Provisional Assessed Journal Critical Review


Corporate Finance and Securities Law: LAW5556M

Provisional Assessed Journal Critical Review –    Word Limit: 2,000


The assessment will count for 67% of your total marks for this module.

Your completed assessment must be submitted electronically to Turnitin through Minerva VLE by 12 noon on 17 July 2021.  To do this, you must log into Minerva Portal & VLE and click on the ‘Learn’ tab.  Select the appropriate module title (named at the top of this template), then click on ‘Submit My Work’ in the module menu on the left hand side of the screen.  Select the link to the relevant assessment then upload your work.  By submitting your assessed work through the VLE you are accepting the Declaration of Academic Integrity, extending to a declaration that the work is not plagiarised and that the word count is accurately stated.

You should complete an Assessed Coursework Cover Sheet with details of your Student ID number, Module Code & Title and Declared Word Count and insert this at the beginning of your assessment before uploading to Turnitin.

Work which is submitted after the deadline will be penalised in accordance with University rules as follows: you will be deducted 5 marks for every 24 hour period or part thereof that your assessment is overdue, up to 14 days.  If your work is more than 14 days late, or if the deduction is larger than the mark you receive, you will receive a mark of 0.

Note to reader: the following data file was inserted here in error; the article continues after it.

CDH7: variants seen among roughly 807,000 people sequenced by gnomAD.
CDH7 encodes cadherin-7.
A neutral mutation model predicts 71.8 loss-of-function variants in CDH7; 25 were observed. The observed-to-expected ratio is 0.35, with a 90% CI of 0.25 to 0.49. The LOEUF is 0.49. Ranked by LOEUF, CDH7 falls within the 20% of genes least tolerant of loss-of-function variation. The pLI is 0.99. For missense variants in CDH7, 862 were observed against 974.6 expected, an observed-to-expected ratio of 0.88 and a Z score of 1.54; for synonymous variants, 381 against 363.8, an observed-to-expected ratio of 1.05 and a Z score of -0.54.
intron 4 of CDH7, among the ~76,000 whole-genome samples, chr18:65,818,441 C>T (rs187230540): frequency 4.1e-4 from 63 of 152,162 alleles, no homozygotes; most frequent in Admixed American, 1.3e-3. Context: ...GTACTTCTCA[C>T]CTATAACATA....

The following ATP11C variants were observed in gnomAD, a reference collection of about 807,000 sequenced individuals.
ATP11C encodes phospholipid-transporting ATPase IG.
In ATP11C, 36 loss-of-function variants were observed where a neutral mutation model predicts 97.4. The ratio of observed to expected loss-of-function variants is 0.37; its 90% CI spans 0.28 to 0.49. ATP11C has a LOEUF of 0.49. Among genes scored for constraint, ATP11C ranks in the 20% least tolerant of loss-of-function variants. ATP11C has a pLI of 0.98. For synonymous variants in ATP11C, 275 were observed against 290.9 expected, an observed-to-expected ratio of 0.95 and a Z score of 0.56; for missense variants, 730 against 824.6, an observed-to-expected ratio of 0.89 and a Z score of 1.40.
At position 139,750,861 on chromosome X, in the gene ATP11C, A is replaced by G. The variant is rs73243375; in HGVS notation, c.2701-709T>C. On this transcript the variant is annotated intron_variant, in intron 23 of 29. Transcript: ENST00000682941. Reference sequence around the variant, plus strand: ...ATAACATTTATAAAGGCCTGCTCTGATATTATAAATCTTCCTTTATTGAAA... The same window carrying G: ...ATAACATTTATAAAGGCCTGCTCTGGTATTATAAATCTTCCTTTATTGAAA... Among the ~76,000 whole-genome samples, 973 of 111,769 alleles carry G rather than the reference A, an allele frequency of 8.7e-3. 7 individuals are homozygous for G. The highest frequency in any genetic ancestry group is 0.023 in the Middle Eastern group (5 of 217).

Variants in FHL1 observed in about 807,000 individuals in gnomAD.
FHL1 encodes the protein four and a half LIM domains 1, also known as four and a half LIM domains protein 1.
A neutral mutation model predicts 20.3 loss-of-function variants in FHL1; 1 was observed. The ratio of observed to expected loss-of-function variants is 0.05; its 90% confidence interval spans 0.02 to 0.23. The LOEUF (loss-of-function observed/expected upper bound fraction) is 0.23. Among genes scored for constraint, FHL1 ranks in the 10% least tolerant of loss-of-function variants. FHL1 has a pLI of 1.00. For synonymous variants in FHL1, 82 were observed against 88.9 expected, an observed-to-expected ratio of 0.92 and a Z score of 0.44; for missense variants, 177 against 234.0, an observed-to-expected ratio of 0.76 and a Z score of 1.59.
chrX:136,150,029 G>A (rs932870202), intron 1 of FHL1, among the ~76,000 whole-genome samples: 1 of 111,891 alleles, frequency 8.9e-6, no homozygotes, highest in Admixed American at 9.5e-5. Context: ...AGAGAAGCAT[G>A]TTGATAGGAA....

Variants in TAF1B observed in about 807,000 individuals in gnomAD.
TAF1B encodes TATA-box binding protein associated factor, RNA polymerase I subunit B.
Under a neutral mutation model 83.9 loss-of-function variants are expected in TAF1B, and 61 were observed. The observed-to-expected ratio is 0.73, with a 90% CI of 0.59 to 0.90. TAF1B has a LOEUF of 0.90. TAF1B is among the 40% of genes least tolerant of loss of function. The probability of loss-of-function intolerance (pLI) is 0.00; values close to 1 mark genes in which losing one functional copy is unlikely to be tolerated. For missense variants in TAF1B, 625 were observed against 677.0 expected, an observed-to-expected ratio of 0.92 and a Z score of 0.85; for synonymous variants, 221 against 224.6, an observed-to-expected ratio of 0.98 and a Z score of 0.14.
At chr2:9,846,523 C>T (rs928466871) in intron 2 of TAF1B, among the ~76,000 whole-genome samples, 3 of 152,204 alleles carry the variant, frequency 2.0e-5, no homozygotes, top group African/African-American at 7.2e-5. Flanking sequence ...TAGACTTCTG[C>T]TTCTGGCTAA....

Extensions of the deadline for submission can only be granted in exceptional circumstances and can only be obtained from James Johnston/Max Broady, Student Support Officers

It is your responsibility to ensure that you have submitted the correct version of your work.  If, after making a submission, you claim that you mistakenly submitted a draft, the wrong version or a different assessment, the original version, which was submitted by the deadline, will still be treated as your submission.

You should retain your digital receipt of submission.  You are also required to keep an additional copy of your work for your own reference.  In addition you must keep your notes and draft copies of the work.

You should ensure that you do not include your name anywhere on your assessment in order that it remains anonymous for marking – however, you should include your Student ID number, module code, module title and state the word count on the header of each page and as the file name of your document.

The length of your work should not exceed 2,000 words (excluding footnotes, endnotes, bibliography, and restatement of the assessment question).  If you exceed the maximum by less than 10% no penalty will be applied. However, if the total is 10% above the maximum or more then you will be penalised in accordance with following School rules:

10% and over – 5 mark penalty

20% and over – 10 marks

30% and over – 15 marks

40% and over – 20 marks

50% and over – a maximum of 0 marks would be awarded.

Plagiarism and Cheating